Number of women on FTSE boards has more than doubled
The UK’s largest companies are on track to having women account for 25% of boardroom members.
The report, by former banker Lord Davies, reveals that over the past four years the number of women on boards of blue-chip companies has almost doubled. (Blue-chip companies are the most financially stable and well-established firms that have been in business for many years and regularly give shareholders good dividends, even during a recession.)
Over 40 FTSE 100 companies now have boards with women accounting for 25 percent of its members.
“Boards with a healthy female representation outperform their male-dominated rivals”
Women now account for 8.6% of all executive roles on FTSE 100 companies – a record high. In 2011 women only accounted for 5.5% of executive roles in Britain’s top firms.
Lord Davies said:
“The rate of change that we have seen in FTSE 100 companies over the last four years has been remarkable. The voluntary approach is working, boards are getting fixed. We now have to increase the low number of chairs and executive directors on boards and address the loss of talented, senior women from the executive pipeline.”
Business secretary Vince Cable was pleased with the findings of the report.
Mr. Cable commented:
“FTSE 100 boards have made enormous progress in the last four years, almost doubling female representation to just shy of 25 per cent. We must celebrate this outstanding achievement and the change in culture that is taking hold at the heart of British business.
“The evidence is irrefutable: boards with a healthy female representation outperform their male-dominated rivals. I am confident we will reach our target this year, but our work is not complete. British business must keep its eye on the long game, as we strive to achieve gender parity.”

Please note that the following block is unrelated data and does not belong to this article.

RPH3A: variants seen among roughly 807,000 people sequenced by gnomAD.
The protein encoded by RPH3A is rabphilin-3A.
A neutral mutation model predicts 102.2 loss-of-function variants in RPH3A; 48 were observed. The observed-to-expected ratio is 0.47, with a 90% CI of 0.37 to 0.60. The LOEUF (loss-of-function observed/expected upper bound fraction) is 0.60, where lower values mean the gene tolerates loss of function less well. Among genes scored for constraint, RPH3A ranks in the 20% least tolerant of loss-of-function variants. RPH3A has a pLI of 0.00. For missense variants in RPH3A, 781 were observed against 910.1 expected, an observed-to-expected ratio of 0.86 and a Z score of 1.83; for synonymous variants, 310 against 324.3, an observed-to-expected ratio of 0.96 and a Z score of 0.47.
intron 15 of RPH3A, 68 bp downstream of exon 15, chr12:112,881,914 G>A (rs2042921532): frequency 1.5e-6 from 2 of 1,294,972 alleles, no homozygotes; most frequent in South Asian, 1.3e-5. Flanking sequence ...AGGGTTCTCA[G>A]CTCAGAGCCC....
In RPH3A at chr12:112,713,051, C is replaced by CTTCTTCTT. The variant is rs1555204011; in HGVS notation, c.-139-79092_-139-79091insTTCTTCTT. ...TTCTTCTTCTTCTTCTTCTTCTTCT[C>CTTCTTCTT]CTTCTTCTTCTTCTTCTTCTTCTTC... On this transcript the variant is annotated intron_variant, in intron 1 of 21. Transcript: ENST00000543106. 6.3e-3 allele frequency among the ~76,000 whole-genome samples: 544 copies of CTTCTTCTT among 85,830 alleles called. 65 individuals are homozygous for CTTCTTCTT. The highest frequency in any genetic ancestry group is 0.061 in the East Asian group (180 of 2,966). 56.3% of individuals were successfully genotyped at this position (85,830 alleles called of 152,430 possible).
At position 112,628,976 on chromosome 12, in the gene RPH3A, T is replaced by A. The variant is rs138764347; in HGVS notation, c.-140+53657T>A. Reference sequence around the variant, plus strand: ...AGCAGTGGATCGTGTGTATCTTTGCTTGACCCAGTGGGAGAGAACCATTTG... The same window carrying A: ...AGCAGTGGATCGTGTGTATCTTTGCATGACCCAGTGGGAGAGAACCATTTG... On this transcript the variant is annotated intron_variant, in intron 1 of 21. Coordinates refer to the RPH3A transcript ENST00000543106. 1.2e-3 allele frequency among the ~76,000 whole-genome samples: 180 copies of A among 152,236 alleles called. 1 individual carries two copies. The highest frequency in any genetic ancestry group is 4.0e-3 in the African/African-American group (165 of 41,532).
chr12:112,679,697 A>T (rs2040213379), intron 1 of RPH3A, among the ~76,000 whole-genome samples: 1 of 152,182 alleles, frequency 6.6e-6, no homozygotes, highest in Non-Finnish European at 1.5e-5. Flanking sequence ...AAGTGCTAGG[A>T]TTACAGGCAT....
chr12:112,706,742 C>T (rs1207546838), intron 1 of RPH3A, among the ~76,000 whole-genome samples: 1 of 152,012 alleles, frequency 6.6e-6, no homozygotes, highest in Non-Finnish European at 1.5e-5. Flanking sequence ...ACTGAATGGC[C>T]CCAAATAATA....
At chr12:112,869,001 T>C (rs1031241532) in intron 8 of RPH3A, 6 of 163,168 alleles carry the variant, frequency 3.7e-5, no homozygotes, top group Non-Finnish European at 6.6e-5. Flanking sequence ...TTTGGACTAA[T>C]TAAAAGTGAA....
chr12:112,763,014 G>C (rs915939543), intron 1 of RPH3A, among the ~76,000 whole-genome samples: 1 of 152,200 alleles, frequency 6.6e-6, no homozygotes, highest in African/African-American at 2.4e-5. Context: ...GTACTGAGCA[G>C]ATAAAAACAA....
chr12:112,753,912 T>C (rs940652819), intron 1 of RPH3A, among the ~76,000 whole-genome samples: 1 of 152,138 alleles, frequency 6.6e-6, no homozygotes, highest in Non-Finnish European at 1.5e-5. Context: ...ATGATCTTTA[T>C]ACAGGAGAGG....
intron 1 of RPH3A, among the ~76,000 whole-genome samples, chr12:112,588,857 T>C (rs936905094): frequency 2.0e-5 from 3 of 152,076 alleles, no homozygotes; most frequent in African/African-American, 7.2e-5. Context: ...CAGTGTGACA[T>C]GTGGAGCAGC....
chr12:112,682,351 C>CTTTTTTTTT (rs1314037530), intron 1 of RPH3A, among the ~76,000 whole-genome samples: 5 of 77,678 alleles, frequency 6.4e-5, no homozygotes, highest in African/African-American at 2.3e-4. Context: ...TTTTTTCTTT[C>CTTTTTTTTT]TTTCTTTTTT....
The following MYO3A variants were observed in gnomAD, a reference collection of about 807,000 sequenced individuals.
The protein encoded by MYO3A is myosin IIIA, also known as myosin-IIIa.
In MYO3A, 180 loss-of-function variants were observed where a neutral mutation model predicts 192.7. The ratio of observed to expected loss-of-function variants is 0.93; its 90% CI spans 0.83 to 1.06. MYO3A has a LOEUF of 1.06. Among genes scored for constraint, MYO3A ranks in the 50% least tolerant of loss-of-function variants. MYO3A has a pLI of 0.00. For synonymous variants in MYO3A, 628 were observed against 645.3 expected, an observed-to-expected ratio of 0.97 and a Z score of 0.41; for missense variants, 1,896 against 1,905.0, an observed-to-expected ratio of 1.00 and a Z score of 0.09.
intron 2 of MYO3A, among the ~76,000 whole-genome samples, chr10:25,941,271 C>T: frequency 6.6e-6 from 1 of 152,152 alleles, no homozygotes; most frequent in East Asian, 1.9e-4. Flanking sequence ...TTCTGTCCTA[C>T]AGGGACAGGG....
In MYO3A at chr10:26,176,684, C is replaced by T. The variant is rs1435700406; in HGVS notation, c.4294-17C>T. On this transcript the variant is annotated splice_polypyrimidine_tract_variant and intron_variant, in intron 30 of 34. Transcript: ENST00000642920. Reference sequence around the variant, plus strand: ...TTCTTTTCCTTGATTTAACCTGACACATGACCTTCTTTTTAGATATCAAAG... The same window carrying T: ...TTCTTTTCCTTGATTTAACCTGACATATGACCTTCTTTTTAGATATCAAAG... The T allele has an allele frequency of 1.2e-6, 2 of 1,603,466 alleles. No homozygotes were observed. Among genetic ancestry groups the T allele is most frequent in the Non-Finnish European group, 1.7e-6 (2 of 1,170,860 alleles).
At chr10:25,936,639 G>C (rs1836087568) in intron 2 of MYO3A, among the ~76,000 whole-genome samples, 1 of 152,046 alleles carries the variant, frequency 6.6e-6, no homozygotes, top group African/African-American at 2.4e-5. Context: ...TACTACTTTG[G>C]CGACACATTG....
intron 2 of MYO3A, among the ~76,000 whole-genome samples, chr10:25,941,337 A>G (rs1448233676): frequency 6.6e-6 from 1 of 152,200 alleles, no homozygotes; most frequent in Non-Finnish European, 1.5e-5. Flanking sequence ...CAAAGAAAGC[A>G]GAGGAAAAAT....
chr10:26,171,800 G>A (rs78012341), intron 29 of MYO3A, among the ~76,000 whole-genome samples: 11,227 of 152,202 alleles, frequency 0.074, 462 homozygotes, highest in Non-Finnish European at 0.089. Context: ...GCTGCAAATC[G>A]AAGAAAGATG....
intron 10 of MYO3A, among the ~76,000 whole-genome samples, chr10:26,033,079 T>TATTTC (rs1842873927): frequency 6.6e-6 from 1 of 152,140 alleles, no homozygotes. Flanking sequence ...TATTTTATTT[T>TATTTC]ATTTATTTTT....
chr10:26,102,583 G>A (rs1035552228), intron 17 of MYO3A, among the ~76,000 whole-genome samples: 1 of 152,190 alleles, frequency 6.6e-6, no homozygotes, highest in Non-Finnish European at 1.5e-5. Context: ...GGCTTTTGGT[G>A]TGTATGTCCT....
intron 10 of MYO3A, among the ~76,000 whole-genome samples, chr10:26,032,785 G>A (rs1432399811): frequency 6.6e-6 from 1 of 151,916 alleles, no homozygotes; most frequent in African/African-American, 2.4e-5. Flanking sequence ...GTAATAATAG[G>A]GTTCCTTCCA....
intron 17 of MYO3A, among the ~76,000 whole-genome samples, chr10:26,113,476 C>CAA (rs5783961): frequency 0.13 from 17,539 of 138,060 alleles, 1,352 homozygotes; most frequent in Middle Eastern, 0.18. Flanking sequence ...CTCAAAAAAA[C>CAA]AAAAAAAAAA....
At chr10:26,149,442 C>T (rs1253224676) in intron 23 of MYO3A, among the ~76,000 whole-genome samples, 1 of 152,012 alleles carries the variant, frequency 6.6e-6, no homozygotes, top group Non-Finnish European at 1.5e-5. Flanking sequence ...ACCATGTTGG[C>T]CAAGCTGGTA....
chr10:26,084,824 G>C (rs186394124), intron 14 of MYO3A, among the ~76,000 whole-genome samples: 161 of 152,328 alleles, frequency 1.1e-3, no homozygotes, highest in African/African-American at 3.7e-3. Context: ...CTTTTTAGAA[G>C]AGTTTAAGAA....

Still some way to go says EEF North East regional director Liz Mayes
Liz Mayes, North East regional director at EEF, said:
“Every single FTSE 100 manufacturer has at least one woman on their board. More importantly, most of those yet to reach 25% female board representation are a hair’s breadth away. Britain’s leading manufacturers are stepping up to meet Lord Davies’ challenge but, there is still some way to go.
“Simply meeting the target is not enough. The imbalance in our sector between the number of women in executive and non-executive roles is a symptom of a wider challenge. It tells us that we are failing to tap into the entire talent pool and must strive to not only build and maintain a satisfactory pipeline of talent, but also address the worryingly low number of women within it.
“Until we attract more female apprentices, graduates and other new entrants we will continue to see women under-represented at all levels in manufacturing, including the boardroom. Failing to tap into this rich resource is a wasted opportunity given our sector’s pressing and long-term need for skills.”